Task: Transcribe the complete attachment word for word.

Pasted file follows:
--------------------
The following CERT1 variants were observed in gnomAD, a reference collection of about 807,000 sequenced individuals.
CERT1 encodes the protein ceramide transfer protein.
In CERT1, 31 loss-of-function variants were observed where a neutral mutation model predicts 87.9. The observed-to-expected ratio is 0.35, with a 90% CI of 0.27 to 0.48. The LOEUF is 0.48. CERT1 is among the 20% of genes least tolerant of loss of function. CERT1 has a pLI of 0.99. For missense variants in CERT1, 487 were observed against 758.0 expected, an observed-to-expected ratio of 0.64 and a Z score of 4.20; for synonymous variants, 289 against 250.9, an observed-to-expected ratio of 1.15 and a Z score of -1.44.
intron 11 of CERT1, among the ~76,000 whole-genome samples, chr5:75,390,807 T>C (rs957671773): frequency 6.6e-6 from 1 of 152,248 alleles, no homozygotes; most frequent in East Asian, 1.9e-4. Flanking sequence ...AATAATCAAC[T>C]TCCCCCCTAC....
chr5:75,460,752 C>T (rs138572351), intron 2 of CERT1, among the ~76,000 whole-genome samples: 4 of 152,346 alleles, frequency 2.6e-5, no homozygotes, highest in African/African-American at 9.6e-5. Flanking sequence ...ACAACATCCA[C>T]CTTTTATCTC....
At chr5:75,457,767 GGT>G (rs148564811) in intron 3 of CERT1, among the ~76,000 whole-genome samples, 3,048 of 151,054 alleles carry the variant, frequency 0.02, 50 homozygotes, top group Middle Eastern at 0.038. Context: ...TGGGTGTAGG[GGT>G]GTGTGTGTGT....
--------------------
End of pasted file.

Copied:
The following CERT1 variants were observed in gnomAD, a reference collection of about 807,000 sequenced individuals.
CERT1 encodes the protein ceramide transfer protein.
In CERT1, 31 loss-of-function variants were observed where a neutral mutation model predicts 87.9. The observed-to-expected ratio is 0.35, with a 90% CI of 0.27 to 0.48. The LOEUF is 0.48. CERT1 is among the 20% of genes least tolerant of loss of function. CERT1 has a pLI of 0.99. For missense variants in CERT1, 487 were observed against 758.0 expected, an observed-to-expected ratio of 0.64 and a Z score of 4.20; for synonymous variants, 289 against 250.9, an observed-to-expected ratio of 1.15 and a Z score of -1.44.
intron 11 of CERT1, among the ~76,000 whole-genome samples, chr5:75,390,807 T>C (rs957671773): frequency 6.6e-6 from 1 of 152,248 alleles, no homozygotes; most frequent in East Asian, 1.9e-4. Flanking sequence ...AATAATCAAC[T>C]TCCCCCCTAC....
chr5:75,460,752 C>T (rs138572351), intron 2 of CERT1, among the ~76,000 whole-genome samples: 4 of 152,346 alleles, frequency 2.6e-5, no homozygotes, highest in African/African-American at 9.6e-5. Flanking sequence ...ACAACATCCA[C>T]CTTTTATCTC....
At chr5:75,457,767 GGT>G (rs148564811) in intron 3 of CERT1, among the ~76,000 whole-genome samples, 3,048 of 151,054 alleles carry the variant, frequency 0.02, 50 homozygotes, top group Middle Eastern at 0.038. Context: ...TGGGTGTAGG[GGT>G]GTGTGTGTGT....